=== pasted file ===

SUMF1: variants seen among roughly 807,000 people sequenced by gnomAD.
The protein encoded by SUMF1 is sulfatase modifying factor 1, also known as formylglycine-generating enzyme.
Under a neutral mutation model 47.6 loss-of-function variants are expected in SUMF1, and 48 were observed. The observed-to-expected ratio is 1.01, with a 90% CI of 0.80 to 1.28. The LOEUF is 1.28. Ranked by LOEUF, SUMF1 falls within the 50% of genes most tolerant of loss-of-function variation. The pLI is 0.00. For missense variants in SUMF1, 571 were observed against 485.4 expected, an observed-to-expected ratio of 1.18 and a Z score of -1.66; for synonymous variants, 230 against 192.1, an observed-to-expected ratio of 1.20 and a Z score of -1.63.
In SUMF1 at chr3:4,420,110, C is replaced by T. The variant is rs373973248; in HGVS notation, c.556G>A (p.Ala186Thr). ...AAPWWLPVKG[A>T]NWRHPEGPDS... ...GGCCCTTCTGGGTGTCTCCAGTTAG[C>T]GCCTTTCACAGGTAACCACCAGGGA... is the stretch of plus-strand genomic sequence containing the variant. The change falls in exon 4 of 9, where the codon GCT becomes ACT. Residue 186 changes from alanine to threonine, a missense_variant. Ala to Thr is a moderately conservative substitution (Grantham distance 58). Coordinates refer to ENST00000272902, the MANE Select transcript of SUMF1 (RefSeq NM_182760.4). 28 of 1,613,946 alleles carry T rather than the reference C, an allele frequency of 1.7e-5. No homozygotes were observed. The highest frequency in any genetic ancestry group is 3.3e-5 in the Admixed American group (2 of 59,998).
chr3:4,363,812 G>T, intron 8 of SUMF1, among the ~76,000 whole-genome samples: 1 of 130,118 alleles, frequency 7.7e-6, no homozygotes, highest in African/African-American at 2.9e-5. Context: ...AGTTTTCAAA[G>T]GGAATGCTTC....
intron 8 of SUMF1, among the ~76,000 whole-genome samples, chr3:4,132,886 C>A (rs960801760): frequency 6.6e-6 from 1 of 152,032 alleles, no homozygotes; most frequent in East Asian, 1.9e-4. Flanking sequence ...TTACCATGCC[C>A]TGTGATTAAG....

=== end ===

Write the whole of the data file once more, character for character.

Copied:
SUMF1: variants seen among roughly 807,000 people sequenced by gnomAD.
The protein encoded by SUMF1 is sulfatase modifying factor 1, also known as formylglycine-generating enzyme.
Under a neutral mutation model 47.6 loss-of-function variants are expected in SUMF1, and 48 were observed. The observed-to-expected ratio is 1.01, with a 90% CI of 0.80 to 1.28. The LOEUF is 1.28. Ranked by LOEUF, SUMF1 falls within the 50% of genes most tolerant of loss-of-function variation. The pLI is 0.00. For missense variants in SUMF1, 571 were observed against 485.4 expected, an observed-to-expected ratio of 1.18 and a Z score of -1.66; for synonymous variants, 230 against 192.1, an observed-to-expected ratio of 1.20 and a Z score of -1.63.
In SUMF1 at chr3:4,420,110, C is replaced by T. The variant is rs373973248; in HGVS notation, c.556G>A (p.Ala186Thr). ...AAPWWLPVKG[A>T]NWRHPEGPDS... ...GGCCCTTCTGGGTGTCTCCAGTTAG[C>T]GCCTTTCACAGGTAACCACCAGGGA... is the stretch of plus-strand genomic sequence containing the variant. The change falls in exon 4 of 9, where the codon GCT becomes ACT. Residue 186 changes from alanine to threonine, a missense_variant. Ala to Thr is a moderately conservative substitution (Grantham distance 58). Coordinates refer to ENST00000272902, the MANE Select transcript of SUMF1 (RefSeq NM_182760.4). 28 of 1,613,946 alleles carry T rather than the reference C, an allele frequency of 1.7e-5. No homozygotes were observed. The highest frequency in any genetic ancestry group is 3.3e-5 in the Admixed American group (2 of 59,998).
chr3:4,363,812 G>T, intron 8 of SUMF1, among the ~76,000 whole-genome samples: 1 of 130,118 alleles, frequency 7.7e-6, no homozygotes, highest in African/African-American at 2.9e-5. Context: ...AGTTTTCAAA[G>T]GGAATGCTTC....
intron 8 of SUMF1, among the ~76,000 whole-genome samples, chr3:4,132,886 C>A (rs960801760): frequency 6.6e-6 from 1 of 152,032 alleles, no homozygotes; most frequent in East Asian, 1.9e-4. Flanking sequence ...TTACCATGCC[C>A]TGTGATTAAG....